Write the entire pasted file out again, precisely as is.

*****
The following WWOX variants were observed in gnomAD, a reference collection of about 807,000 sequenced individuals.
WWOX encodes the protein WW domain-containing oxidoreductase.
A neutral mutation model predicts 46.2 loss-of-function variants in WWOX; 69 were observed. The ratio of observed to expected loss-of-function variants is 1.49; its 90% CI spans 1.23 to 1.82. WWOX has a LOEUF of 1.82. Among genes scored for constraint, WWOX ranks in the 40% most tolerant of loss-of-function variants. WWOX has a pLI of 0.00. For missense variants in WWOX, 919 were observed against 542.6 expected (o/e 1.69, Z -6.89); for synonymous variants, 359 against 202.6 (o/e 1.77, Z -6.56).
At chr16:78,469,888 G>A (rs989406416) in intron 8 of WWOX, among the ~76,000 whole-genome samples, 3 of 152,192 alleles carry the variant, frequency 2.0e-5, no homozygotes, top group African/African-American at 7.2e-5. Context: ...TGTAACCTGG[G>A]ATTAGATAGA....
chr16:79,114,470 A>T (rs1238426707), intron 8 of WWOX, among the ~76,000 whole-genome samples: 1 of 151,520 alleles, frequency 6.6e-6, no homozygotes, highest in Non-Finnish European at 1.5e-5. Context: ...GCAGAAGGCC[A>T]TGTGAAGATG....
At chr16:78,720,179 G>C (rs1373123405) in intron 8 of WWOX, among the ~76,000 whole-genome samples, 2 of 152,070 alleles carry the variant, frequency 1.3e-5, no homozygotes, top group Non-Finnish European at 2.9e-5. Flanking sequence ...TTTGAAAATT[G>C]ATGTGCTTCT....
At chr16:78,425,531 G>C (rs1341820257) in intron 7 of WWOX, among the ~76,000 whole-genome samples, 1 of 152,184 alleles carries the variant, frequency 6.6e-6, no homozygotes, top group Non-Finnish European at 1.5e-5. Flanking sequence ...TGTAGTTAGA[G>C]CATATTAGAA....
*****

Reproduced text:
The following WWOX variants were observed in gnomAD, a reference collection of about 807,000 sequenced individuals.
WWOX encodes the protein WW domain-containing oxidoreductase.
A neutral mutation model predicts 46.2 loss-of-function variants in WWOX; 69 were observed. The ratio of observed to expected loss-of-function variants is 1.49; its 90% CI spans 1.23 to 1.82. WWOX has a LOEUF of 1.82. Among genes scored for constraint, WWOX ranks in the 40% most tolerant of loss-of-function variants. WWOX has a pLI of 0.00. For missense variants in WWOX, 919 were observed against 542.6 expected (o/e 1.69, Z -6.89); for synonymous variants, 359 against 202.6 (o/e 1.77, Z -6.56).
At chr16:78,469,888 G>A (rs989406416) in intron 8 of WWOX, among the ~76,000 whole-genome samples, 3 of 152,192 alleles carry the variant, frequency 2.0e-5, no homozygotes, top group African/African-American at 7.2e-5. Context: ...TGTAACCTGG[G>A]ATTAGATAGA....
chr16:79,114,470 A>T (rs1238426707), intron 8 of WWOX, among the ~76,000 whole-genome samples: 1 of 151,520 alleles, frequency 6.6e-6, no homozygotes, highest in Non-Finnish European at 1.5e-5. Context: ...GCAGAAGGCC[A>T]TGTGAAGATG....
At chr16:78,720,179 G>C (rs1373123405) in intron 8 of WWOX, among the ~76,000 whole-genome samples, 2 of 152,070 alleles carry the variant, frequency 1.3e-5, no homozygotes, top group Non-Finnish European at 2.9e-5. Flanking sequence ...TTTGAAAATT[G>C]ATGTGCTTCT....
At chr16:78,425,531 G>C (rs1341820257) in intron 7 of WWOX, among the ~76,000 whole-genome samples, 1 of 152,184 alleles carries the variant, frequency 6.6e-6, no homozygotes, top group Non-Finnish European at 1.5e-5. Flanking sequence ...TGTAGTTAGA[G>C]CATATTAGAA....